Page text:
"You may run as far as you can for as long as you like, but you will not escape your heart"
A safari hunter drifts across the starched heat of the African plains, stealthily prowling amongst the tall grass, the scorching shimmering sunlight falls upon the shadows of predatorial lions, hungry hippos and the gleaming jaws of the crocodile. A vinyl recording of 60s rock 'n' roll echoing over time through generations suggest a nostalgic remembrance of a distant land, which later plays a greater significance in a saga of unrequited love, regret and (literally) life and death.
Initially, Tabu is a love story in disguise, a unfinished love story sprawling over a lifetime of passion, regret, duty and propriety. In it's latter stages it contemplates ideas of memory, unrequited love, ageing, class inequality, prejudice, and European colonialism in African hills and plains.
The first part follows the life of an enigmatic elderly woman in contemporary Portugal - titled Paradise Lost - as she goes about her daily life, we learn snippets about her about her prosaic hobbies, simple pleasures, prejudices, idiosyncrasies, detests, and regrets over a sobering simple lifestyle, a long way from the dream life she idolised. Her simple pleasures have allowed her to gamble away her savings and her estranged family by doing so; in her current state, she had little left except her dedicated maid and carer Pilar who initially acts as the audience's eyes and ears into the portrait of a solitary woman.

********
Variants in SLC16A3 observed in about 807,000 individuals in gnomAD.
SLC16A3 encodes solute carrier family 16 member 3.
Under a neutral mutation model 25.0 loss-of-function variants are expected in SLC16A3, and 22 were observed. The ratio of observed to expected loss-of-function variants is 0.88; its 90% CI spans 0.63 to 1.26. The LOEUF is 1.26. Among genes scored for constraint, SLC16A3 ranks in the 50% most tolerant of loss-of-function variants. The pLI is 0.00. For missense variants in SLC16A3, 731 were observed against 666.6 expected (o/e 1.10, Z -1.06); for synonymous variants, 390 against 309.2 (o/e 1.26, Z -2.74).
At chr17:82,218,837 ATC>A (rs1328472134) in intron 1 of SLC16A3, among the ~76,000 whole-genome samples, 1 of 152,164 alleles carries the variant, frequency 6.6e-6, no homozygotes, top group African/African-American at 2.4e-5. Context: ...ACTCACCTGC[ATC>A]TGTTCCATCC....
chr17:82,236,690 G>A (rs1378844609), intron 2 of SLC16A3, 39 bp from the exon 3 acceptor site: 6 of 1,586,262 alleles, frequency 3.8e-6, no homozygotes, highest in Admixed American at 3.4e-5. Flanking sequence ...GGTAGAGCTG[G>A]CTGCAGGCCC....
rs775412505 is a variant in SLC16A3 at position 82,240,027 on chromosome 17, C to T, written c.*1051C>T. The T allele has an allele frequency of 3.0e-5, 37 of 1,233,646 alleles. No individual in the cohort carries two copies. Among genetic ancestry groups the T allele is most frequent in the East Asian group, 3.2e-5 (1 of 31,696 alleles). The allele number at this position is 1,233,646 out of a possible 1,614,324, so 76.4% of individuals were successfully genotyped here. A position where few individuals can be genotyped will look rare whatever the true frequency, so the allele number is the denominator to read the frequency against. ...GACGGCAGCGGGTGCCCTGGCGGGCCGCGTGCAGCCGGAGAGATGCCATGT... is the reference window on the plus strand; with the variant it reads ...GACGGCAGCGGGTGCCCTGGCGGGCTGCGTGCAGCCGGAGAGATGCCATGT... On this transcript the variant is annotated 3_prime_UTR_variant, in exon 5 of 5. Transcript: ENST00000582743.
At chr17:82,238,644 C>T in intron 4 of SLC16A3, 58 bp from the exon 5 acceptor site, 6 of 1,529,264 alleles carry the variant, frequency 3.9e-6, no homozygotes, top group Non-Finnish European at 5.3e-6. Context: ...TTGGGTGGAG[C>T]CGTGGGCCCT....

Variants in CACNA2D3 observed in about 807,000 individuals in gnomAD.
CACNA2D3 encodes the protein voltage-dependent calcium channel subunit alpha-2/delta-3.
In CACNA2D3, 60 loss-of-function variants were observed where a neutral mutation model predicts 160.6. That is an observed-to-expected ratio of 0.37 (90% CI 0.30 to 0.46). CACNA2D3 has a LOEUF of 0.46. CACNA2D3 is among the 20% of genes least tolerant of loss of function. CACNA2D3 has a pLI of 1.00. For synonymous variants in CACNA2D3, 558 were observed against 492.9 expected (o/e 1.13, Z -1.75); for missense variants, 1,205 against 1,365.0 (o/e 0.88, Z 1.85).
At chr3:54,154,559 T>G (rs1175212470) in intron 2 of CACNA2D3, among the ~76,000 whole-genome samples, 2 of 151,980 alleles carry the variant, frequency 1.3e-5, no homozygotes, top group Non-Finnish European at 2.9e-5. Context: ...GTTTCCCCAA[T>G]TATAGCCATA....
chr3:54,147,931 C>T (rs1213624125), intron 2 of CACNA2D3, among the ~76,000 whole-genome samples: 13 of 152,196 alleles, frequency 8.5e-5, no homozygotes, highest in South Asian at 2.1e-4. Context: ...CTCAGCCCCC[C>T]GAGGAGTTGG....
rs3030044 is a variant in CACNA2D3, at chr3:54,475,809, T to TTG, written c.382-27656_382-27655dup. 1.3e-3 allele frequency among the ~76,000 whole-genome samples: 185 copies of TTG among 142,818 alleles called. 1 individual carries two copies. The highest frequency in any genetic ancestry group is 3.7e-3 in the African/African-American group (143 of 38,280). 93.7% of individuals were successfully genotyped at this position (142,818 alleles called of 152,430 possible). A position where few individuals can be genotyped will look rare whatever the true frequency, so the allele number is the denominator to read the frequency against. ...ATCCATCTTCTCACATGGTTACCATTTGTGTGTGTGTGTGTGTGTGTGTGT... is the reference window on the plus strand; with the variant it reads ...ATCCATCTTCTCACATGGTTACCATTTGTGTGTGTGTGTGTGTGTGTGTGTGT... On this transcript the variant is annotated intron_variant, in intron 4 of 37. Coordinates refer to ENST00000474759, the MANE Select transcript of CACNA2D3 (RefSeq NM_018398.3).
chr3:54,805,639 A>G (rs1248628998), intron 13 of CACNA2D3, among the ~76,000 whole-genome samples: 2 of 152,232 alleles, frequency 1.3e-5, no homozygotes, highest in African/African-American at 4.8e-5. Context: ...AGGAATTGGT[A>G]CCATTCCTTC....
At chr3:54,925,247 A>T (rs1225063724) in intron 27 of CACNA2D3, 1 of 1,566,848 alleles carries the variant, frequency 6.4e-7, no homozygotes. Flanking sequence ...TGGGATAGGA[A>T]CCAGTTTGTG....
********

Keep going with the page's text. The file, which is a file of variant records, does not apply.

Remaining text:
What is the intriguing background to this lady's prime of beauty and youth? The modern landscape of metropolitan Lisbon, Portugal is industrial, bleak and sobering, at times sad and efficient, a far world from that which she inhabited in her youth. It is not long until what find out the origins of her melancholy and frustration, and what exactly has been trying to atone for most of her later life.
So begins a tale in colonial Africa, a tale of love and betrayal, rock 'n' roll, diamonds, and an alligator. This second part, subtitled Paradise is almost silent with only diegetic sound imposed during key moments with no title cards as far as I can remember. It is a wonderfully romantic and nostalgic yet with an undercurrent on living the edge of a precipice - the dangerous beasts of the African plains, the wild unfamiliar natives and rugged landscape - there exists a sense of tragedy combined with high passion, regret and wild party impulses.
Whereas part one is melancholic as it is bitter and comic, the second part contrasts the beauty of youth, the blinding African heat and sun, it exposes the storytelling medium the by abandoning almost all dialogue and all but some diegetic sound effects. The compositions and framing are gorgeous, a simple story of unrequited love requiring little explanation and is suggested by moods, looks, and atmosphere and nostalgic memories. The economy in telling a story almost wordlessly, embraces the feelings and mood of silent storytelling placing the onus of eliciting emotion on the charismatic and effortless performances. From the frustrating, fussy and capricious Aurora to the charismatic, carefree, jeunesse Ventura and the supporting jaunty characters, each signify the contrasts in class, social status and the colonial class system soon to collapse under political revolution.
What is essentially an unrequited love story /melodrama is a charismatic and rollicking passionate ride with some crystal sharp compositions in textured black and white. This is an impressive, technically creative, charismatic, heartbreaking, melancholic and nostalgic film; perhaps more daring and arguably less conventional than that other lauded silent film of last year. Tabu is gorgeously unpredictable, surprising and artful.
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